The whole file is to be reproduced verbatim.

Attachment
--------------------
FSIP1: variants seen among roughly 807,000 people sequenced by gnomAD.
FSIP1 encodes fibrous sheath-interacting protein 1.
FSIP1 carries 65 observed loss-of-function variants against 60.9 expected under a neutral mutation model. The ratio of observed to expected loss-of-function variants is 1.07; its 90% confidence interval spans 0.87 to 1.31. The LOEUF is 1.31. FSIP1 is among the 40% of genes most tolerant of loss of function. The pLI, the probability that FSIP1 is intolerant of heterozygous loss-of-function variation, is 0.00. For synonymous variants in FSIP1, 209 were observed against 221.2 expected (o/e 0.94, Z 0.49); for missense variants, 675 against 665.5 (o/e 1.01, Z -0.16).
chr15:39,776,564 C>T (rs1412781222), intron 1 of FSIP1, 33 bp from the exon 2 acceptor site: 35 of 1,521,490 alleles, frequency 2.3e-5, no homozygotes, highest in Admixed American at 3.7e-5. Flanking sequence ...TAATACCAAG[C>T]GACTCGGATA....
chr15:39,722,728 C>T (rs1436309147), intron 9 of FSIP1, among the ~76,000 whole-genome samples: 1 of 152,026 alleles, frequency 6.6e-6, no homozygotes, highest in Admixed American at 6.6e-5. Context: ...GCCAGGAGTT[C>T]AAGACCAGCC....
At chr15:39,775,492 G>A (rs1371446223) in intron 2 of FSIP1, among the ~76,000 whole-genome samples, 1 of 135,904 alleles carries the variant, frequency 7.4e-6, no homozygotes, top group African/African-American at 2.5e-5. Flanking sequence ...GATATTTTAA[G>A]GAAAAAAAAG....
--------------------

FSIP1: variants seen among roughly 807,000 people sequenced by gnomAD.
FSIP1 encodes fibrous sheath-interacting protein 1.
FSIP1 carries 65 observed loss-of-function variants against 60.9 expected under a neutral mutation model. The ratio of observed to expected loss-of-function variants is 1.07; its 90% confidence interval spans 0.87 to 1.31. The LOEUF is 1.31. FSIP1 is among the 40% of genes most tolerant of loss of function. The pLI, the probability that FSIP1 is intolerant of heterozygous loss-of-function variation, is 0.00. For synonymous variants in FSIP1, 209 were observed against 221.2 expected (o/e 0.94, Z 0.49); for missense variants, 675 against 665.5 (o/e 1.01, Z -0.16).
chr15:39,776,564 C>T (rs1412781222), intron 1 of FSIP1, 33 bp from the exon 2 acceptor site: 35 of 1,521,490 alleles, frequency 2.3e-5, no homozygotes, highest in Admixed American at 3.7e-5. Flanking sequence ...TAATACCAAG[C>T]GACTCGGATA....
chr15:39,722,728 C>T (rs1436309147), intron 9 of FSIP1, among the ~76,000 whole-genome samples: 1 of 152,026 alleles, frequency 6.6e-6, no homozygotes, highest in Admixed American at 6.6e-5. Context: ...GCCAGGAGTT[C>T]AAGACCAGCC....
At chr15:39,775,492 G>A (rs1371446223) in intron 2 of FSIP1, among the ~76,000 whole-genome samples, 1 of 135,904 alleles carries the variant, frequency 7.4e-6, no homozygotes, top group African/African-American at 2.5e-5. Flanking sequence ...GATATTTTAA[G>A]GAAAAAAAAG....